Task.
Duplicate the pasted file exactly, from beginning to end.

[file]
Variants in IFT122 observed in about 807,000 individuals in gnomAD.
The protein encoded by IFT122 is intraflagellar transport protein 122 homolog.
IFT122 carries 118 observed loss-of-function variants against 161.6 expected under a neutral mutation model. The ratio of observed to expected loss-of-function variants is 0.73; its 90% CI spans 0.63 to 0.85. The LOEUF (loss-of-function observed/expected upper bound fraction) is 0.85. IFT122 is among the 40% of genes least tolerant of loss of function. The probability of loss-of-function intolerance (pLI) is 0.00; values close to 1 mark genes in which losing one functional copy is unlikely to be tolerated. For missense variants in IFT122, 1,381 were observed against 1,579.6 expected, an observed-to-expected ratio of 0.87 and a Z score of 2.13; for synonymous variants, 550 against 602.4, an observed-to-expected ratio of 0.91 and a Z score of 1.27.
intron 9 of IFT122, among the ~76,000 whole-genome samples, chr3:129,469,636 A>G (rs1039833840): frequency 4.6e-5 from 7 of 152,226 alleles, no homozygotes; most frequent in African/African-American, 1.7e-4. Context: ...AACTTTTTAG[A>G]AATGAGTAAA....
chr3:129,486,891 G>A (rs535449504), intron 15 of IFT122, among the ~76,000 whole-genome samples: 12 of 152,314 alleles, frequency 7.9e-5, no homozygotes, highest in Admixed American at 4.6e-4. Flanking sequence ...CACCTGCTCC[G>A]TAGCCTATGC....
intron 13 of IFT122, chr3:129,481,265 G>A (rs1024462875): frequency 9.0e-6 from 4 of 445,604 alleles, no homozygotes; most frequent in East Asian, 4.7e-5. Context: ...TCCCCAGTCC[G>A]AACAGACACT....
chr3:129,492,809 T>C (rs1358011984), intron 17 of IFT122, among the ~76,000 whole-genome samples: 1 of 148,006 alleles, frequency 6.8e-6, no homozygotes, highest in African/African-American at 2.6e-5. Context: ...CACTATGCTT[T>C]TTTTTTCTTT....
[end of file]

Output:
Variants in IFT122 observed in about 807,000 individuals in gnomAD.
The protein encoded by IFT122 is intraflagellar transport protein 122 homolog.
IFT122 carries 118 observed loss-of-function variants against 161.6 expected under a neutral mutation model. The ratio of observed to expected loss-of-function variants is 0.73; its 90% CI spans 0.63 to 0.85. The LOEUF (loss-of-function observed/expected upper bound fraction) is 0.85. IFT122 is among the 40% of genes least tolerant of loss of function. The probability of loss-of-function intolerance (pLI) is 0.00; values close to 1 mark genes in which losing one functional copy is unlikely to be tolerated. For missense variants in IFT122, 1,381 were observed against 1,579.6 expected, an observed-to-expected ratio of 0.87 and a Z score of 2.13; for synonymous variants, 550 against 602.4, an observed-to-expected ratio of 0.91 and a Z score of 1.27.
intron 9 of IFT122, among the ~76,000 whole-genome samples, chr3:129,469,636 A>G (rs1039833840): frequency 4.6e-5 from 7 of 152,226 alleles, no homozygotes; most frequent in African/African-American, 1.7e-4. Context: ...AACTTTTTAG[A>G]AATGAGTAAA....
chr3:129,486,891 G>A (rs535449504), intron 15 of IFT122, among the ~76,000 whole-genome samples: 12 of 152,314 alleles, frequency 7.9e-5, no homozygotes, highest in Admixed American at 4.6e-4. Flanking sequence ...CACCTGCTCC[G>A]TAGCCTATGC....
intron 13 of IFT122, chr3:129,481,265 G>A (rs1024462875): frequency 9.0e-6 from 4 of 445,604 alleles, no homozygotes; most frequent in East Asian, 4.7e-5. Context: ...TCCCCAGTCC[G>A]AACAGACACT....
chr3:129,492,809 T>C (rs1358011984), intron 17 of IFT122, among the ~76,000 whole-genome samples: 1 of 148,006 alleles, frequency 6.8e-6, no homozygotes, highest in African/African-American at 2.6e-5. Context: ...CACTATGCTT[T>C]TTTTTTCTTT....